The original Wisconsin Economic Summits served their purpose by fading away.

That’s not to say the four summits that took place between 2000 and 2003 were unsuccessful. In fact, the first two summits identified economic trends and strategies that continue to shape the state. The final two summits felt more like an academic exercise, however, and too few business leaders were on hand to carry the torch forward. As a result, the process ended on more of a whisper than a bang.

The revival of the summits – scheduled under a new format for this summer and fall – will try to pick up that torch as a critical time for Wisconsin’s economy.

With public meetings set for Aug. 2 in Appleton, Aug. 26 in La Crosse and Oct. 5 in Milwaukee, summit organizers are aiming to provide a blueprint for economic growth as well as ideas for improving the effectiveness of state and local government.

One goal of the summit’s bipartisan working group of business, university and labor leaders is to put strong ideas in front of candidates for public office, with the help of economic experts who bring an outside view. A broader purpose is simply to reinvigorate public discussion about what’s working and what is not – and to sound alarms, where appropriate, about the state’s economic future.

The original Wisconsin Economic Summits delivered some lasting messages. They stressed the need to overcome city-to-city or county-to-county rivalries and engage in regional cooperation, something that is happening in Wisconsin through regional economic development groups such as New North, Momentum West and Thrive.

They also underscored the importance of Wisconsin’s ties to two robust metropolitan areas to the south and west – Chicago and the Twin Cities of Minnesota. Some regional cooperation has since emerged along what is now called the “I-Q Corridor,” with the “I” standing for interstate, innovation, intellectual property and investment, and the “Q” suggesting quality of life, workforce, education and more.

The first summits emphasized the need for industry “clusters” to form and work together. That is happening in some important emerging sectors, such as biotechnology, fresh water technology, medical devices, energy storage and information technology, but less so in traditional sectors such as insurance, printing and papermaking.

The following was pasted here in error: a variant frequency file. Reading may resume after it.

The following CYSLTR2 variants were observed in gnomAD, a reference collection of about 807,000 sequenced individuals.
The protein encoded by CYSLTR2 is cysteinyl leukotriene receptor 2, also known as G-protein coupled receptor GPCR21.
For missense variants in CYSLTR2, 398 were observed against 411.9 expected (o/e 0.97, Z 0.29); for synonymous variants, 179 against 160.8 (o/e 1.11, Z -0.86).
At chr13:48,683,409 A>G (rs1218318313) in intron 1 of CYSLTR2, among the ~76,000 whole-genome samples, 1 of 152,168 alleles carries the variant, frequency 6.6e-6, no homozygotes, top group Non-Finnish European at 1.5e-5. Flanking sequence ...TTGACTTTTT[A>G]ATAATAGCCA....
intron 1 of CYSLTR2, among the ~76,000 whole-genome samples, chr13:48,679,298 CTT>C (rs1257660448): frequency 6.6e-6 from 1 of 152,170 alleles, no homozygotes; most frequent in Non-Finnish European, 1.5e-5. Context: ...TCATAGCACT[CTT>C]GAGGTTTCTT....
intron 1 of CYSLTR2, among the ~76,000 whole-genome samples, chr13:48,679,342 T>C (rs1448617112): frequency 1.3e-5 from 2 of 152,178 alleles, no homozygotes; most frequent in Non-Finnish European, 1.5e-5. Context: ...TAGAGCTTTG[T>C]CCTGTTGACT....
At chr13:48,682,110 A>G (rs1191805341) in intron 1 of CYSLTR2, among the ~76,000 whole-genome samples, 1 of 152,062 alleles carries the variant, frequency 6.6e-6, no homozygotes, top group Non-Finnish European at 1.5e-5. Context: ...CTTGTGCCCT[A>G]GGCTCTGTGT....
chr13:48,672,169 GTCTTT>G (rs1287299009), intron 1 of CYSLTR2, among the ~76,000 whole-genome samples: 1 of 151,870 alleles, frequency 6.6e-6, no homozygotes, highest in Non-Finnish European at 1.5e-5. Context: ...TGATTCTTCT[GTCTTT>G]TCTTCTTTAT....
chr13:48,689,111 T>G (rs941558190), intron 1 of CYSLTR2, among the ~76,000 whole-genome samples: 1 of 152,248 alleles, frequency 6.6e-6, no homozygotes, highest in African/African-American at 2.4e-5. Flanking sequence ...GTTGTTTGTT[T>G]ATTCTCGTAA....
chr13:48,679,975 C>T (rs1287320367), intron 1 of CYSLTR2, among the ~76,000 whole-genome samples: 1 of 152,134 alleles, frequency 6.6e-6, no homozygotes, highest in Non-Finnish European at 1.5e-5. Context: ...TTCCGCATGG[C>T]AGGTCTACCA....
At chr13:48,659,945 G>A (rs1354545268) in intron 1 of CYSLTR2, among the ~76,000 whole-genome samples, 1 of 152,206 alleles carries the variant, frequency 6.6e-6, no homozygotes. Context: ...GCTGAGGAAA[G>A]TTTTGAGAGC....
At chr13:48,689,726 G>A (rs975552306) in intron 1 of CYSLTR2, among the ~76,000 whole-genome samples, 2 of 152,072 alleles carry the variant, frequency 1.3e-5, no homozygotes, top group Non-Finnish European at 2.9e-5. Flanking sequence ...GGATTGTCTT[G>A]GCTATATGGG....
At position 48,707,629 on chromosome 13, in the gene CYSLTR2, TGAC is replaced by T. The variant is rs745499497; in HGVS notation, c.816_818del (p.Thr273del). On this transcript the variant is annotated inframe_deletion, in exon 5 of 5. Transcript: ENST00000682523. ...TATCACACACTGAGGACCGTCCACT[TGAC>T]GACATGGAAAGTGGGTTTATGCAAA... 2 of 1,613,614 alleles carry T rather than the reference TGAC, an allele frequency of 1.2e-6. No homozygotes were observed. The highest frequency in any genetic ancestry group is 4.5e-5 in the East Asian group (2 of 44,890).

The 2000-2003 summits also urged the speedier development of a knowledge-based, tech-based economy, which is taking place at varying speeds across Wisconsin. While there are more start-ups companies today, the state still has a long ways to go before its entrepreneurial culture begins to match those evident in other states.

Investing in innovation may well emerge as a theme of the 2010 summits, which begin Aug. 2 with a closer look at Wisconsin’s economy and what can be done to make it stronger. Summit conveners, which include Competitive Wisconsin Inc., the Wisconsin Higher Education Business Roundtable, Wisconsin Way and the Wisconsin Technology Council, hope to draw on best practices in other states to frame ideas that could work in Wisconsin.

For example, a number of states in the Midwest and beyond have seeded pools of capital, which are available to emerging companies across a number of business sectors. While Wisconsin has done a groundbreaking job creating “first-round” capital through its incentives for angel and other early stage investors, the real challenge is finding second-round dollars to move start-up companies to the next level.

One model gaining attention is the Ohio Third Frontier, which is a bonding approach recently renewed by Ohio voters. By a margin of 62 percent to 38 percent, voters in the Buckeye state renewed a $1.4 billion economic development launched in 2002 with another $700 million in commitment. It passed because the program so far has created jobs and companies while attracting private investment and generating strong initial returns on investment.

There are other state models, as well, that may also translate to Wisconsin. The point is less about deciding now on what will work best for Wisconsin, but using a neutral, convening forum such as the Wisconsin Economic Summits to bring the best ideas forward.

If Version 2.0 of the summits accomplishes nothing else in this crucial election year, that would qualify as success.

Still is president of the Wisconsin Technology Council. He is the former associate editor of the Wisconsin State Journal, and served as moderator for the 2000-2003 summits. Learn more and register at: